The Department of the Environment, Climate and Communications (DECC) has been heavily criticised by several TDs and Senators for the running of Ireland’s farm plastics recycling scheme.

The Irish Farm Film Producers Group CLG (IFFPG) is the national, not-for-profit recycling compliance scheme to protect Ireland’s rural environment.

The IFFPG is 70% funded through the recycling levy charged to companies placing plastics products on the market, and 30% through a weight-based collection charge to farmers.

The group must achieve a 70% recycling target, however it is paid for 100%, Senator Paul Daly, who states that the equivalent of two million bales of plastic is out there unaccounted for, said.

In 2022, 36,500t of silage wrap and pit cover waste were collected for recycling, which is equivalent to plastic from 18 million bales. The current recycling rate is between 88-90%.

Farm plastics

IFFPG manager Liam Moloney said it is “not possible” to collect 100% of farm plastics because not all farmers engage with the service, and a “very small percentage” may still be collected by independent collectors.

“I can’t see how the department can stand over the fact that there is the equivalent of two million bales per annum out there which is accumulating and there doesn’t seem to be a plan.

“Nobody seems to know where it is, or a plan to find out where it is and do something about it,” Senator Daly said.

Bernie Kiely of the DECC has raised caution about “creating an impression that there is plastic out there, creating nuisance when we really don’t have evidence of that”.

Any independent collector who has a permit is allowed to collect the plastic in the knowledge that they don’t have access to the recycling levy, but that they can charge the farmer, Kiely said.

IFFPG collectors’ yards

There are currently around 12,000t-15,000t of farm plastics carried on yards, Moloney, who stressed that this is “typical at this time of the year” and that all materials will be recycled, said.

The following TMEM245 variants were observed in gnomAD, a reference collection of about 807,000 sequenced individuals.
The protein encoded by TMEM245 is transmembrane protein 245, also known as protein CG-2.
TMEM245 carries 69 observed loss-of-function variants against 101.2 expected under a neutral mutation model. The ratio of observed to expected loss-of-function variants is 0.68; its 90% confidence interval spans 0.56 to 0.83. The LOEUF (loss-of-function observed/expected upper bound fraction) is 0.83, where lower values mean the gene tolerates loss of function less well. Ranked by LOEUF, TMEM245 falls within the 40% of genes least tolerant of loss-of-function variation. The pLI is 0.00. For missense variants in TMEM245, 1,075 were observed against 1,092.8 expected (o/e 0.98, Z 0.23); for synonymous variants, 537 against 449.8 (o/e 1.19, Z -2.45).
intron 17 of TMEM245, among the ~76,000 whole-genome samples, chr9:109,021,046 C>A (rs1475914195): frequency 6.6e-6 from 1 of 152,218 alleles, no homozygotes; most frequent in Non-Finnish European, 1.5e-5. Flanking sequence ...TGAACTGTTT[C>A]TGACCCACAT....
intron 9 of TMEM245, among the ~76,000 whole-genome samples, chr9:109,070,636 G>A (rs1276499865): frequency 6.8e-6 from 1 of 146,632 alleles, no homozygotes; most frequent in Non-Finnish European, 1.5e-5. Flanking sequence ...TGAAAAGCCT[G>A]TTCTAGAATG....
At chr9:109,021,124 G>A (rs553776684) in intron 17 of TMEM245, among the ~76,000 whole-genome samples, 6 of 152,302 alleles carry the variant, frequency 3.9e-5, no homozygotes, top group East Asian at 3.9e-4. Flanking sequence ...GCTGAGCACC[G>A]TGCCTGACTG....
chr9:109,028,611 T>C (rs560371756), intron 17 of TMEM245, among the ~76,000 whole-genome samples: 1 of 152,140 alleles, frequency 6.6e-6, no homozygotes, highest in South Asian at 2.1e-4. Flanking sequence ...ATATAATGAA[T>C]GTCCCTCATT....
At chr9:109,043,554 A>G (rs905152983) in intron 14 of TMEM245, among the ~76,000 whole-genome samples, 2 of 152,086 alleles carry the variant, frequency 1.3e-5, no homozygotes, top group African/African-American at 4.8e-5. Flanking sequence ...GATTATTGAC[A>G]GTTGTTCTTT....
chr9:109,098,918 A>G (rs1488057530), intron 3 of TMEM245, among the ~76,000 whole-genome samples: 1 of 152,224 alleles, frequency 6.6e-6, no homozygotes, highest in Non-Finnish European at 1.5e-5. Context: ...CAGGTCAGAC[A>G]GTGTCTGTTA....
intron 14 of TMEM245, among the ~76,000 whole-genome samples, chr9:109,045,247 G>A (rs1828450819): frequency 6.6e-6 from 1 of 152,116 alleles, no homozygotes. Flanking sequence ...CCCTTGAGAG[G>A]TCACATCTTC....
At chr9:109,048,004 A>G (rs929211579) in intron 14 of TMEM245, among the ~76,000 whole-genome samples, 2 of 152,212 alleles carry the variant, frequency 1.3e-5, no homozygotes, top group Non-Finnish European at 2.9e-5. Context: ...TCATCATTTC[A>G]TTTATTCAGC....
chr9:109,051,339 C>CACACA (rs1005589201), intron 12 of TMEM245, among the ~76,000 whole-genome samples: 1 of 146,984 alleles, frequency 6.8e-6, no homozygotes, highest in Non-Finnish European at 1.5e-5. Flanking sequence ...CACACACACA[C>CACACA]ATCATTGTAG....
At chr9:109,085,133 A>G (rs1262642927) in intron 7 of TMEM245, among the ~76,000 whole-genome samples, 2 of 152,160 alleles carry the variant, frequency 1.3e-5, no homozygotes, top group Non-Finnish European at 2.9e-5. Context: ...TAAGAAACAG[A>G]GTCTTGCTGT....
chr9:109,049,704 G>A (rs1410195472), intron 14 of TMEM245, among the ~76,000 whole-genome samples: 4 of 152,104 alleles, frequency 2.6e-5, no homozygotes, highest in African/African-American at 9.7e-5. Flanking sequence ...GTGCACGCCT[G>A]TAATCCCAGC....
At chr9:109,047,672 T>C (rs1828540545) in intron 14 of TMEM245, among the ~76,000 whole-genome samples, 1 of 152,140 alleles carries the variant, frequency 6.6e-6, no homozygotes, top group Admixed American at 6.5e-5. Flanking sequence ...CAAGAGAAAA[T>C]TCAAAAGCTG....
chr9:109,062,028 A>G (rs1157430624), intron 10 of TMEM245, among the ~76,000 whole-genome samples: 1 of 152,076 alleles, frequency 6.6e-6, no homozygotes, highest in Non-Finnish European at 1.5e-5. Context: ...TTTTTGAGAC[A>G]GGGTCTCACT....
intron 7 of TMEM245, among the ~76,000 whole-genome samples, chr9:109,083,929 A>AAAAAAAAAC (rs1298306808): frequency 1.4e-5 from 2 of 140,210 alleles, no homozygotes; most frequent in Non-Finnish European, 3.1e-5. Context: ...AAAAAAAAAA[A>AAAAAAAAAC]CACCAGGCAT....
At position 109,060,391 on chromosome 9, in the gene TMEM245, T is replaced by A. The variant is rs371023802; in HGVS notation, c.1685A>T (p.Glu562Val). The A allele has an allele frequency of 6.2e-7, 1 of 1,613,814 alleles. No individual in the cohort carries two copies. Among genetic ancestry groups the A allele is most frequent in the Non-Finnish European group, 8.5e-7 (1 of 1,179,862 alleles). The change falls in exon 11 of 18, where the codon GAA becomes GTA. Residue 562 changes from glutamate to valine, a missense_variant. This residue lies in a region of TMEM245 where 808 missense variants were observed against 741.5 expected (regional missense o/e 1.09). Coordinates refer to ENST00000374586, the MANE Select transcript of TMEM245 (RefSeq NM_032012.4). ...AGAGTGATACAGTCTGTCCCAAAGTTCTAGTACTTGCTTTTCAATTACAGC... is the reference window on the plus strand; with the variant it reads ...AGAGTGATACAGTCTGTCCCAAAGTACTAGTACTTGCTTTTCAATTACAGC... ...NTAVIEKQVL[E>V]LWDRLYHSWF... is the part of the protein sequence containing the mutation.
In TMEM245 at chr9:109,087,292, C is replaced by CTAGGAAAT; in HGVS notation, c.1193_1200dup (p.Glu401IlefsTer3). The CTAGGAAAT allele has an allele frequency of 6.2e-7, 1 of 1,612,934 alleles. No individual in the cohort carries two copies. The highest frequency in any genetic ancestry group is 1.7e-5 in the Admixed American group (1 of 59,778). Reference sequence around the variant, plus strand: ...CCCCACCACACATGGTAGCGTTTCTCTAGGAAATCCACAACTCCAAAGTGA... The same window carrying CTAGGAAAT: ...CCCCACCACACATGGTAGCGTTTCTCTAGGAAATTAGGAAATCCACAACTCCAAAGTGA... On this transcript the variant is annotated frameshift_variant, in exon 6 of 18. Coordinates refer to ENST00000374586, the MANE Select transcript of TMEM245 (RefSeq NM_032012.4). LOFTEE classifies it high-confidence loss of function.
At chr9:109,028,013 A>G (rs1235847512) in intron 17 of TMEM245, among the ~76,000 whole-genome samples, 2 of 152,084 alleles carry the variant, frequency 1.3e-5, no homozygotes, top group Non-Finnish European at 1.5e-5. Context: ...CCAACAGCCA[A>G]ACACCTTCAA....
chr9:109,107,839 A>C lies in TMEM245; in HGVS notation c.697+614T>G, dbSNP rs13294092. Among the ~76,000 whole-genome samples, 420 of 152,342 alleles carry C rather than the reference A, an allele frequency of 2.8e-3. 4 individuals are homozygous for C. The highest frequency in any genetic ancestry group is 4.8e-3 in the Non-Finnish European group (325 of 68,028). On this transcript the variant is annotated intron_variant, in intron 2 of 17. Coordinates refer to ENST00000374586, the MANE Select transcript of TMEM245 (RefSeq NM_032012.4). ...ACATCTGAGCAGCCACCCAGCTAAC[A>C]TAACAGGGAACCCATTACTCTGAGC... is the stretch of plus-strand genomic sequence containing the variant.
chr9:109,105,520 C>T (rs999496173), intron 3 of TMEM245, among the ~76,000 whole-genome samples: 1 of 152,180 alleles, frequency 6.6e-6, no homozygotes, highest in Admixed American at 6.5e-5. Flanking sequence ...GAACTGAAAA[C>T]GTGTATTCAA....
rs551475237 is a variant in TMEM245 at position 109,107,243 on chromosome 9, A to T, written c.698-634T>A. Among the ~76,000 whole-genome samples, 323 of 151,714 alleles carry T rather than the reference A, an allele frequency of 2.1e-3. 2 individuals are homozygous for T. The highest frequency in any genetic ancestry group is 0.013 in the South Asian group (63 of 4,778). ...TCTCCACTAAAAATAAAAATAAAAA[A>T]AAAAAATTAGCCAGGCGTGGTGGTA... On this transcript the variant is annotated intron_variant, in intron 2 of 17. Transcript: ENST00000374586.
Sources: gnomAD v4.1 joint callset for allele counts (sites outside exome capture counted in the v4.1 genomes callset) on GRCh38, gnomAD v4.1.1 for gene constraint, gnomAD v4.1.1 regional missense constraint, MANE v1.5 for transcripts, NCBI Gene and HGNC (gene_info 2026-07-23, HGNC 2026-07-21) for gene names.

These volumes of materials which are initially stored loosely on IFFPG yards are, he said, the result of record volumes collected when it has been “quite difficult to recycle”.

Moloney said that there are measures in place to clear out those yards in advance of the 2024 season and to recycle the 15,000t and a further 25,000t of farm plastics.

All of the four collectors have waste permits which allow them to store the materials, however there are a “couple of contractors” where the volume is a “little excessive at the moment”, he said.

“So at any given point there is material in yards. We are moving it all the time but that is just a reflection of the business – huge volumes of material coming in.

“Everything that comes in is recycled but sometimes there is a little lag between coming into the yard and going for recycling,” Moloney said.

Deputy Jackie Cahill said he disputes the recycling rate of 90% saying that there are between 50,000t and 60,000t of plastic in private collectors’ yards around the country waiting to be recycled.

The IFFPG’s overall income last year from the levy and collection charge was €5.5 million. The overall cost of the scheme was €6.1 million. The group works towards having a reserve of €3 million.

Last year 45% of waste was recycled at Irish facilities, with the remainder going to European facilities, according to the IFFPG.

The Irish Rural Association has called for a complete review of the farm plastics industry in Ireland, including a review of IFFPG procedures, and concerns relating to environmental issues.